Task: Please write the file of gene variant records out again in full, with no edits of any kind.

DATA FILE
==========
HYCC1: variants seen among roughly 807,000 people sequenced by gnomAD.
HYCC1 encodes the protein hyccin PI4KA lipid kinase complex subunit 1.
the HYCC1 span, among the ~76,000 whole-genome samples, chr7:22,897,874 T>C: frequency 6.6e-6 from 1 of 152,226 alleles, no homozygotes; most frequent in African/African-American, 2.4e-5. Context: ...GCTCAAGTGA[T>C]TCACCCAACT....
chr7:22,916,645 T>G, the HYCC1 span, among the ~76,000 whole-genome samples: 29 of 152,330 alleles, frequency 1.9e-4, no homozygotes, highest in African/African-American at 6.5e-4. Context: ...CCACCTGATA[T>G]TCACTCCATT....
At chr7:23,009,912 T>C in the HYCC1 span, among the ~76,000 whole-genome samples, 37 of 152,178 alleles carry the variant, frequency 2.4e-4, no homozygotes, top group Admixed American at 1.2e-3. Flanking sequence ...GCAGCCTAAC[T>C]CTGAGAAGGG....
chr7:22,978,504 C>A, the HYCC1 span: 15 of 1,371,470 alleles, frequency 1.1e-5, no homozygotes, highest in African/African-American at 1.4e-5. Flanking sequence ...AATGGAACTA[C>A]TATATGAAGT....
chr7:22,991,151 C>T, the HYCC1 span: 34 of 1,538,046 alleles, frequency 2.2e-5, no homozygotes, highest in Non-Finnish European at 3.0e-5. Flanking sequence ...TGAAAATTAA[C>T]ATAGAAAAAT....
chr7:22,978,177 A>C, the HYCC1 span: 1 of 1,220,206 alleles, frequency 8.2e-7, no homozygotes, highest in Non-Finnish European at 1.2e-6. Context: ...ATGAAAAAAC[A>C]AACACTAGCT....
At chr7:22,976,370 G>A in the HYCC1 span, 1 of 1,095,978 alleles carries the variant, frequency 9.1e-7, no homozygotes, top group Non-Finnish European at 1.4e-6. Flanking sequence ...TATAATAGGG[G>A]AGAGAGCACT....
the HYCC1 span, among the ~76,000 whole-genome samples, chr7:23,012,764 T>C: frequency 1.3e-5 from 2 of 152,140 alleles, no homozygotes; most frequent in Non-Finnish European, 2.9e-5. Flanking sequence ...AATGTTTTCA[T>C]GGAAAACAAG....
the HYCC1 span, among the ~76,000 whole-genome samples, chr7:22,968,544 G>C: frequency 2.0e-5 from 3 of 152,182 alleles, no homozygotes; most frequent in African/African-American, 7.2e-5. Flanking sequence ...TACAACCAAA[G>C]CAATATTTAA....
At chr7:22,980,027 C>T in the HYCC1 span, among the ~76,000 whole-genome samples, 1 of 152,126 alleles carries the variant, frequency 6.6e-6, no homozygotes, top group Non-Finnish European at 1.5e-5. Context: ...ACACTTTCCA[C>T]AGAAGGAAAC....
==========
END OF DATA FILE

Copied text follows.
HYCC1: variants seen among roughly 807,000 people sequenced by gnomAD.
HYCC1 encodes the protein hyccin PI4KA lipid kinase complex subunit 1.
the HYCC1 span, among the ~76,000 whole-genome samples, chr7:22,897,874 T>C: frequency 6.6e-6 from 1 of 152,226 alleles, no homozygotes; most frequent in African/African-American, 2.4e-5. Context: ...GCTCAAGTGA[T>C]TCACCCAACT....
chr7:22,916,645 T>G, the HYCC1 span, among the ~76,000 whole-genome samples: 29 of 152,330 alleles, frequency 1.9e-4, no homozygotes, highest in African/African-American at 6.5e-4. Context: ...CCACCTGATA[T>G]TCACTCCATT....
At chr7:23,009,912 T>C in the HYCC1 span, among the ~76,000 whole-genome samples, 37 of 152,178 alleles carry the variant, frequency 2.4e-4, no homozygotes, top group Admixed American at 1.2e-3. Flanking sequence ...GCAGCCTAAC[T>C]CTGAGAAGGG....
chr7:22,978,504 C>A, the HYCC1 span: 15 of 1,371,470 alleles, frequency 1.1e-5, no homozygotes, highest in African/African-American at 1.4e-5. Flanking sequence ...AATGGAACTA[C>A]TATATGAAGT....
chr7:22,991,151 C>T, the HYCC1 span: 34 of 1,538,046 alleles, frequency 2.2e-5, no homozygotes, highest in Non-Finnish European at 3.0e-5. Flanking sequence ...TGAAAATTAA[C>T]ATAGAAAAAT....
chr7:22,978,177 A>C, the HYCC1 span: 1 of 1,220,206 alleles, frequency 8.2e-7, no homozygotes, highest in Non-Finnish European at 1.2e-6. Context: ...ATGAAAAAAC[A>C]AACACTAGCT....
At chr7:22,976,370 G>A in the HYCC1 span, 1 of 1,095,978 alleles carries the variant, frequency 9.1e-7, no homozygotes, top group Non-Finnish European at 1.4e-6. Flanking sequence ...TATAATAGGG[G>A]AGAGAGCACT....
the HYCC1 span, among the ~76,000 whole-genome samples, chr7:23,012,764 T>C: frequency 1.3e-5 from 2 of 152,140 alleles, no homozygotes; most frequent in Non-Finnish European, 2.9e-5. Flanking sequence ...AATGTTTTCA[T>C]GGAAAACAAG....
the HYCC1 span, among the ~76,000 whole-genome samples, chr7:22,968,544 G>C: frequency 2.0e-5 from 3 of 152,182 alleles, no homozygotes; most frequent in African/African-American, 7.2e-5. Flanking sequence ...TACAACCAAA[G>C]CAATATTTAA....
At chr7:22,980,027 C>T in the HYCC1 span, among the ~76,000 whole-genome samples, 1 of 152,126 alleles carries the variant, frequency 6.6e-6, no homozygotes, top group Non-Finnish European at 1.5e-5. Context: ...ACACTTTCCA[C>T]AGAAGGAAAC....